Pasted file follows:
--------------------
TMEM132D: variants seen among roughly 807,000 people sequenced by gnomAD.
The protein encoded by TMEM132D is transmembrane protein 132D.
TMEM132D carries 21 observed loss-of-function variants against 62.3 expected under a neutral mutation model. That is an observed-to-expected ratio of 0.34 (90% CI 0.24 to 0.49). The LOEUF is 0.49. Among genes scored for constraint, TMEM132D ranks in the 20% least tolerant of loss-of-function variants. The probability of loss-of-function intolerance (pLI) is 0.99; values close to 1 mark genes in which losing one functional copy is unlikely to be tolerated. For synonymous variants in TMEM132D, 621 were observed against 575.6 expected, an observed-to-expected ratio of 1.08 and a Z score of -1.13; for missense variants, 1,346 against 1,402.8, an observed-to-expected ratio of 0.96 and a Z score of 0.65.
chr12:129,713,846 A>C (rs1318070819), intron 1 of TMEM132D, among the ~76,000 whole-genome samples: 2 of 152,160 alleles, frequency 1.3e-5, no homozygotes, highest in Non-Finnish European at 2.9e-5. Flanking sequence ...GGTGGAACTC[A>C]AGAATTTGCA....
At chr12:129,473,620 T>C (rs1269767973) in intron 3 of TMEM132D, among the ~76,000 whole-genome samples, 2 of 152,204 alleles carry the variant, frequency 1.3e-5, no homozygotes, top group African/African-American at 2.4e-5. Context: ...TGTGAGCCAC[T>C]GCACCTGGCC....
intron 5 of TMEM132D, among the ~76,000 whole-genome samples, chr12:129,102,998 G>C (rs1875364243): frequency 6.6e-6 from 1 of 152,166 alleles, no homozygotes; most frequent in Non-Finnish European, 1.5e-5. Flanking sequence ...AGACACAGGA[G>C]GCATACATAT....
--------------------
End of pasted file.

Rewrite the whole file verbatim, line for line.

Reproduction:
TMEM132D: variants seen among roughly 807,000 people sequenced by gnomAD.
The protein encoded by TMEM132D is transmembrane protein 132D.
TMEM132D carries 21 observed loss-of-function variants against 62.3 expected under a neutral mutation model. That is an observed-to-expected ratio of 0.34 (90% CI 0.24 to 0.49). The LOEUF is 0.49. Among genes scored for constraint, TMEM132D ranks in the 20% least tolerant of loss-of-function variants. The probability of loss-of-function intolerance (pLI) is 0.99; values close to 1 mark genes in which losing one functional copy is unlikely to be tolerated. For synonymous variants in TMEM132D, 621 were observed against 575.6 expected, an observed-to-expected ratio of 1.08 and a Z score of -1.13; for missense variants, 1,346 against 1,402.8, an observed-to-expected ratio of 0.96 and a Z score of 0.65.
chr12:129,713,846 A>C (rs1318070819), intron 1 of TMEM132D, among the ~76,000 whole-genome samples: 2 of 152,160 alleles, frequency 1.3e-5, no homozygotes, highest in Non-Finnish European at 2.9e-5. Flanking sequence ...GGTGGAACTC[A>C]AGAATTTGCA....
At chr12:129,473,620 T>C (rs1269767973) in intron 3 of TMEM132D, among the ~76,000 whole-genome samples, 2 of 152,204 alleles carry the variant, frequency 1.3e-5, no homozygotes, top group African/African-American at 2.4e-5. Context: ...TGTGAGCCAC[T>C]GCACCTGGCC....
intron 5 of TMEM132D, among the ~76,000 whole-genome samples, chr12:129,102,998 G>C (rs1875364243): frequency 6.6e-6 from 1 of 152,166 alleles, no homozygotes; most frequent in Non-Finnish European, 1.5e-5. Flanking sequence ...AGACACAGGA[G>C]GCATACATAT....